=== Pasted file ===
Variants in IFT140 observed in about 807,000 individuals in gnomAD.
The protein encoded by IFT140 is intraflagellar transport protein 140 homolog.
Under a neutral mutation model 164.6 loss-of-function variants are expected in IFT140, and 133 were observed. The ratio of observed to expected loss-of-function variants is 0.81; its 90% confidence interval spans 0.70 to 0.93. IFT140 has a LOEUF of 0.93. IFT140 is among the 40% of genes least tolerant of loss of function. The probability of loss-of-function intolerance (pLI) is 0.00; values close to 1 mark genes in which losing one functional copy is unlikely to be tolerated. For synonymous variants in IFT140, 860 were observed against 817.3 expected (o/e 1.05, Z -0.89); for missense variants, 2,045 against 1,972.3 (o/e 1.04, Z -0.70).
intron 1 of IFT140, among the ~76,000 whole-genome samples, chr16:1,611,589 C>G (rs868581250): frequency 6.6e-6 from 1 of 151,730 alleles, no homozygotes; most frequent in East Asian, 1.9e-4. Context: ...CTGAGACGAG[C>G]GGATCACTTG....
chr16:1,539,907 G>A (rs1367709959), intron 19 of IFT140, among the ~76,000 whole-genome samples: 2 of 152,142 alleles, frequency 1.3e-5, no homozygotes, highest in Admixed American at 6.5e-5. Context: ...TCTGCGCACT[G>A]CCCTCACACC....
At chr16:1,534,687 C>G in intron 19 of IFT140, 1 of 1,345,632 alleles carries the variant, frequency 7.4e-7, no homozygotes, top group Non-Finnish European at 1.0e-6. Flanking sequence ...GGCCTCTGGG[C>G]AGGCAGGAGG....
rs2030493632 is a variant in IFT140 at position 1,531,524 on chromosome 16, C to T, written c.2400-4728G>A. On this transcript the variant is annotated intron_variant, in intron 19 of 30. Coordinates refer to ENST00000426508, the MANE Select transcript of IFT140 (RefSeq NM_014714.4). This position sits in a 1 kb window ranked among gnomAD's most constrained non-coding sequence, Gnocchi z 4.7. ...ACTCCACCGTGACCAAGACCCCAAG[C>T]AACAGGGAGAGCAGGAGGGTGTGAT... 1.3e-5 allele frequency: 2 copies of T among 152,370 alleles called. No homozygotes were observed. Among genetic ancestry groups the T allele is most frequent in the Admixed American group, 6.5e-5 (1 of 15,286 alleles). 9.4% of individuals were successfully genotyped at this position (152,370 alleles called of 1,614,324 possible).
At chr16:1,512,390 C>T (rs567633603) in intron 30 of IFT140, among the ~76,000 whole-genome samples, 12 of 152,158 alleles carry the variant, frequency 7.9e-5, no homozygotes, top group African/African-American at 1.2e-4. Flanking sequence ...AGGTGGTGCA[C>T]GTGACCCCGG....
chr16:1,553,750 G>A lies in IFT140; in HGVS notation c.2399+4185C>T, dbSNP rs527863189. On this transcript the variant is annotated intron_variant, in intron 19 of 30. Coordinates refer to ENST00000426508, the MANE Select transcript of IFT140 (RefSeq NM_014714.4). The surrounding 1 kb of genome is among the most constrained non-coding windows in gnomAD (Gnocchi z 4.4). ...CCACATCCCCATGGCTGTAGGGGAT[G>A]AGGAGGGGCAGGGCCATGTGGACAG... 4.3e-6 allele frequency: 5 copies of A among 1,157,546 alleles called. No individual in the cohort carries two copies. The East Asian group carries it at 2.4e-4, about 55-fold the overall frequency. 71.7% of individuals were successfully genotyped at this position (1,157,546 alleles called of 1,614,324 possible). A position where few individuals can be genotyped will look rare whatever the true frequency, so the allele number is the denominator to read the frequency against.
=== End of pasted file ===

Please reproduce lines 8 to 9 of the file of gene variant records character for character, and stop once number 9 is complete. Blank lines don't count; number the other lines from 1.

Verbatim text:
At chr16:1,512,390 C>T (rs567633603) in intron 30 of IFT140, among the ~76,000 whole-genome samples, 12 of 152,158 alleles carry the variant, frequency 7.9e-5, no homozygotes, top group African/African-American at 1.2e-4. Flanking sequence ...AGGTGGTGCA[C>T]GTGACCCCGG....
chr16:1,553,750 G>A lies in IFT140; in HGVS notation c.2399+4185C>T, dbSNP rs527863189. On this transcript the variant is annotated intron_variant, in intron 19 of 30. Coordinates refer to ENST00000426508, the MANE Select transcript of IFT140 (RefSeq NM_014714.4). The surrounding 1 kb of genome is among the most constrained non-coding windows in gnomAD (Gnocchi z 4.4). ...CCACATCCCCATGGCTGTAGGGGAT[G>A]AGGAGGGGCAGGGCCATGTGGACAG... 4.3e-6 allele frequency: 5 copies of A among 1,157,546 alleles called. No individual in the cohort carries two copies. The East Asian group carries it at 2.4e-4, about 55-fold the overall frequency. 71.7% of individuals were successfully genotyped at this position (1,157,546 alleles called of 1,614,324 possible). A position where few individuals can be genotyped will look rare whatever the true frequency, so the allele number is the denominator to read the frequency against.